Type 2 diabetes has a stronger genetic basis than type 1, yet it also depends more on environmental factors. Sound confusing? What happens is that a family history of type 2 diabetes is one of the strongest risk factors for getting the disease but it only seems to matter in people living a Western lifestyle.

Americans and Europeans eat too much fat and too little carbohydrate and fiber, and they get too little exercise. Type 2 diabetes is common in people with these habits. The ethnic groups in the United States with the highest risk are African Americans, Mexican Americans, and Pima Indians.

In contrast, people who live in areas that have not become Westernized tend not to get type 2 diabetes, no matter how high their genetic risk.

Obesity is a strong risk factor for type 2 diabetes. Obesity is most risky for young people and for people who have been obese for a long time.

Gestational diabetes is more of a puzzle. Women who get diabetes while they are pregnant are more likely to have a family history of diabetes, especially on their mothers' side. But as in other forms of diabetes, nongenetic factors play a role. Older mothers and overweight women are more likely to get gestational diabetes.

Type 1 diabetes: your child's risk

In general, if you are a man with type 1 diabetes, the odds of your child getting diabetes are 1 in 17. If you are a woman with type 1 diabetes and your child was born before you were 25, your child's risk is 1 in 25; if your child was born after you turned 25, your child's risk is 1 in 100.

Your child's risk is doubled if you developed diabetes before age 11. If both you and your partner have type 1 diabetes, the risk is between 1 in 10 and 1 in 4.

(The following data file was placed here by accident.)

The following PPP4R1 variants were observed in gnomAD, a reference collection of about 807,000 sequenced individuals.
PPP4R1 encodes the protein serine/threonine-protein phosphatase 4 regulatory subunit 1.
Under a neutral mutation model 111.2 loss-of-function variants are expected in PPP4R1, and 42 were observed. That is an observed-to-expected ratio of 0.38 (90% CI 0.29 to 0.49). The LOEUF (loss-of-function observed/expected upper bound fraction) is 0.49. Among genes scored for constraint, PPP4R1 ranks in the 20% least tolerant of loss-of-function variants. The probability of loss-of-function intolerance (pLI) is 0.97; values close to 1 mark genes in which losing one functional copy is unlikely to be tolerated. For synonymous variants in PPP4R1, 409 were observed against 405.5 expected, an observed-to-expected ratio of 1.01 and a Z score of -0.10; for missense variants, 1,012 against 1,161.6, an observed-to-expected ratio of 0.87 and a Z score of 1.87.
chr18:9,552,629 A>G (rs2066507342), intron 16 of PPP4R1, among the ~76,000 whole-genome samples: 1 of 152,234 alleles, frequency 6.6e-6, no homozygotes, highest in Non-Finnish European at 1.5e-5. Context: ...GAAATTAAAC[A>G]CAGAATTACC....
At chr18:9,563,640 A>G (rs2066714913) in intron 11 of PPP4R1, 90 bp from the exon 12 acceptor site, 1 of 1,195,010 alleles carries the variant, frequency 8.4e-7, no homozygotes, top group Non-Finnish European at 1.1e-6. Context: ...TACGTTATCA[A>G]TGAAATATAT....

There is an exception to these numbers. About 1 in every 7 people with type 1 diabetes has a condition called type 2 polyglandular autoimmune syndrome.

In addition to having diabetes, these people also have thyroid disease and a poorly working adrenal gland. Some also have other immune system disorders. If you have this syndrome, your child's risk of getting the syndrome including type 1 diabetes is 1 in 2.

Researchers are learning how to predict a person's odds of getting diabetes. For example, most whites with type 1 diabetes have genes called HLA-DR3 or HLA-DR4.

If you and your child are white and share these genes, your child's risk is higher. (Suspect genes in other ethnic groups are less well studied. The HLA-DR7 gene may put African Americans at risk, and the HLA-DR9 gene may put Japanese at risk.)

Other tests can also make your child's risk clearer. A special test that tells how the body responds to glucose can tell which school-aged children are most at risk.

Another more expensive test can be done for children who have siblings with type 1 diabetes. This test measures antibodies to insulin, to islet cells in the pancreas, or to an enzyme called glutamic acid decarboxylase. High levels can indicate that a child has a higher risk of developing type 1 diabetes.

Type 2 diabetes: your child's risk

Type 2 diabetes runs in families. In part, this tendency is due to children learning bad habits eating a poor diet, not exercising--from their parents. But there is also a genetic basis.

In general, if you have type 2 diabetes, the risk of your child getting diabetes is 1 in 7 if you were diagnosed before age 50 and 1 in 13 if you were diagnosed after age 50.